by Greg Krehbiel on 15 January 2013
The Obama administration is proposing to eliminate the federal gasoline tax and replace it with a tax based on the number of miles you drive.
This is a classic example of bad government, and it shows why central planning doesn’t work — viz., because central planners don’t know what they’re doing.
First they try to push a certain behavior — in this case, fuel efficiency — so people go out and buy fuel efficient cars. But wait — that creates another problem, so they make a new rule that changes the incentives.
How are people supposed to make rational decisions when the government keeps changing the rules?
And how is the government going to monitor how far you drive, anyway? A new agency? New federal regulations? A new device you have to install in your car?
The problem is that the federal government isn’t raising enough money to pay for maintenance of the roads. Assuming that’s really true, the obvious solution is to raise the tax on gasoline.
No, I don’t like higher taxes any more than you do, but I do think we have to pay real costs. I use the federal highways, and if it costs more to maintain them, then I have to pay more for that privilege.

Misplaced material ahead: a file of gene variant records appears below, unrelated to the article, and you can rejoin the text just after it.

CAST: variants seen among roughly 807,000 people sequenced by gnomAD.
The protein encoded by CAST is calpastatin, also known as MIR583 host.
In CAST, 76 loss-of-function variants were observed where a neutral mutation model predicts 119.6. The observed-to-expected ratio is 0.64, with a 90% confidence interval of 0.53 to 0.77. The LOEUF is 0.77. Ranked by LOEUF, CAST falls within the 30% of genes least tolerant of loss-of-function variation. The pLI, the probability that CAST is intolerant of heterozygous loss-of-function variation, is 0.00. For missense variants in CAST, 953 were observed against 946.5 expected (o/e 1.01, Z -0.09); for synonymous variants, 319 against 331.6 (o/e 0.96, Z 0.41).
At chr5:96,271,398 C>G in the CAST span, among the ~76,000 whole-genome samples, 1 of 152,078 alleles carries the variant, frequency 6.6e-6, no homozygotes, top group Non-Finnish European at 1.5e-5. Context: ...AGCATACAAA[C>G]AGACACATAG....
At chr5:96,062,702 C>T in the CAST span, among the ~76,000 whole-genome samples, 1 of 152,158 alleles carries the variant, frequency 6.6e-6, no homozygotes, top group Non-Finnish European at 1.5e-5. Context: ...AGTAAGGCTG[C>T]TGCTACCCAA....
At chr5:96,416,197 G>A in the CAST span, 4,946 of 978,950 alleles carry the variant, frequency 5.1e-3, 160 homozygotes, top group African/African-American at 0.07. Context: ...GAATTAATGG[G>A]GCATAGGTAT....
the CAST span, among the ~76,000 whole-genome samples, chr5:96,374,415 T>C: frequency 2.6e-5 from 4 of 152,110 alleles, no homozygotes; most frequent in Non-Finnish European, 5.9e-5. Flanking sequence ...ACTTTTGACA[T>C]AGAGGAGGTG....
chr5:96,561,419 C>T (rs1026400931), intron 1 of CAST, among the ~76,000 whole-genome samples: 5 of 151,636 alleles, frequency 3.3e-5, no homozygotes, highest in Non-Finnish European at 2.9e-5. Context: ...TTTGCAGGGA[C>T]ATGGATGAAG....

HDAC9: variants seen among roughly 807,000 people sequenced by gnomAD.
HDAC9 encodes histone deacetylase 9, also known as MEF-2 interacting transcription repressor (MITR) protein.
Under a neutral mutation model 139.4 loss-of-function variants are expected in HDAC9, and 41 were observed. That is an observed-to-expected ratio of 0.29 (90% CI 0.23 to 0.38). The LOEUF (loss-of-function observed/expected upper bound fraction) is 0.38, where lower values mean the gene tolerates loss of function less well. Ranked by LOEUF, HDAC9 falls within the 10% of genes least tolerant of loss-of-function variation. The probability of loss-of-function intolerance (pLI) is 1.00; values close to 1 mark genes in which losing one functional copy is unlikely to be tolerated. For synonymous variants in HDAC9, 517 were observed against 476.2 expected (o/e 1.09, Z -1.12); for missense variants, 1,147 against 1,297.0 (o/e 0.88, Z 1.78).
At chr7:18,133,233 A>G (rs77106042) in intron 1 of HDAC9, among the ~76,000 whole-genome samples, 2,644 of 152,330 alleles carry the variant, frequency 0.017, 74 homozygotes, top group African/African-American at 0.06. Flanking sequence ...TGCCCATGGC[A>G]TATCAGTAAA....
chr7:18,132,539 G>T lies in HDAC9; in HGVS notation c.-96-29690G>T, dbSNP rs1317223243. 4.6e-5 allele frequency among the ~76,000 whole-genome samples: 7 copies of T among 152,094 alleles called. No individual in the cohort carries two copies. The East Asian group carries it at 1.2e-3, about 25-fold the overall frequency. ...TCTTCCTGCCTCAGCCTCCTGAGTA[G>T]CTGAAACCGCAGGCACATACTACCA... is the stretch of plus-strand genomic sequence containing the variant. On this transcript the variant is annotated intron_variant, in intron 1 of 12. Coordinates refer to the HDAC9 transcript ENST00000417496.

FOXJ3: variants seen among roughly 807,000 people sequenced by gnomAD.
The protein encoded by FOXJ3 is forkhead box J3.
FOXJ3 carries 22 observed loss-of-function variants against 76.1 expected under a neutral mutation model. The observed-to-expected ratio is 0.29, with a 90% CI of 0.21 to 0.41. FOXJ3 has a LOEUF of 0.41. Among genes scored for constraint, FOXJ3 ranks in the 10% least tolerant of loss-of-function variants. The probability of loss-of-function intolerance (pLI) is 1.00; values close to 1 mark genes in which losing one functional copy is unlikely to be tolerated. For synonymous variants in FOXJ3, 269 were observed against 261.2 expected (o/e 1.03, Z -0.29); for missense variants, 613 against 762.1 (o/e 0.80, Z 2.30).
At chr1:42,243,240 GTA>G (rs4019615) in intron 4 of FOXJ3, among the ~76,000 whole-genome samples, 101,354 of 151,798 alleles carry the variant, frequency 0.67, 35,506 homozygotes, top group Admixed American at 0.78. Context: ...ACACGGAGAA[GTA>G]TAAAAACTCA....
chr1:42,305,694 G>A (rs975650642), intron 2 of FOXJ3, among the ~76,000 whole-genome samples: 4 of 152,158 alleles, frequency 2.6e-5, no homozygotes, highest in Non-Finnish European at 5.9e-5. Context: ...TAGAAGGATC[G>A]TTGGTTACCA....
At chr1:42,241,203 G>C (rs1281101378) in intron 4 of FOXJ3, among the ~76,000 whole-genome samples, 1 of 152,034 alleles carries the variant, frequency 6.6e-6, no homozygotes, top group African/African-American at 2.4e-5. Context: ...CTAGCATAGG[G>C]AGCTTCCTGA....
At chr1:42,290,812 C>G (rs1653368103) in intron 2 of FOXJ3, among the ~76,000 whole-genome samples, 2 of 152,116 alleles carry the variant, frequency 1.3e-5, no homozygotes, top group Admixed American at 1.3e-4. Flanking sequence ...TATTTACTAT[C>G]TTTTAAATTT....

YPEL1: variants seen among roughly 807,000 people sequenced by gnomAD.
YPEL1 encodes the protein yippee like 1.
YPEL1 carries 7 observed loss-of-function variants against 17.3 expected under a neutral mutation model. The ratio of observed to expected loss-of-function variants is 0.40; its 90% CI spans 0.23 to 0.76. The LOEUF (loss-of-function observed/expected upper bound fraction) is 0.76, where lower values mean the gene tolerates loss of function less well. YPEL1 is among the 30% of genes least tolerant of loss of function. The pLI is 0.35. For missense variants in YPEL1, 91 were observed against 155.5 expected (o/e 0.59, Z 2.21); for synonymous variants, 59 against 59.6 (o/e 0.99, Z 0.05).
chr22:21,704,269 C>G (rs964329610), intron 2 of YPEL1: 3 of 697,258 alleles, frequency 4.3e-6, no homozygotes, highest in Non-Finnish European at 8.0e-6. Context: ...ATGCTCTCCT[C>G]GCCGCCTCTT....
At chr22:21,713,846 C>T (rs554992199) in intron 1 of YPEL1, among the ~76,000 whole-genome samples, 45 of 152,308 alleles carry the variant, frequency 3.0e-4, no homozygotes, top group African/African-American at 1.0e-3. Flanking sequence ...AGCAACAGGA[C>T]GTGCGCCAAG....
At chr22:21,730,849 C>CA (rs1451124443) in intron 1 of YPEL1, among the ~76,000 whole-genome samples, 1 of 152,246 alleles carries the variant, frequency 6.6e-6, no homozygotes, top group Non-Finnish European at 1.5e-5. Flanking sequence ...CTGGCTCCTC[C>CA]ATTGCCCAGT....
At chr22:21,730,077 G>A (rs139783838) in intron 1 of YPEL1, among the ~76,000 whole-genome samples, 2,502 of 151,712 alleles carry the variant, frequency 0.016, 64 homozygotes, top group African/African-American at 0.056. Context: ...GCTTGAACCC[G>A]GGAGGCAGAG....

All other things being equal — which they never are — a fee per mile makes some sense. So would a fee based on the gross weight of the vehicle. So would a fee based on whether you drive locally or use the highways. So would a gasoline tax, or a tire tax, or a tax on your vehicle registration.
There are any number of ways to raise the money. The question is which one creates the best incentives, and a gasoline tax seems right to me because it gives people an incentive to buy more fuel-efficient cars.
-- 2013-01-15 » Greg Krehbiel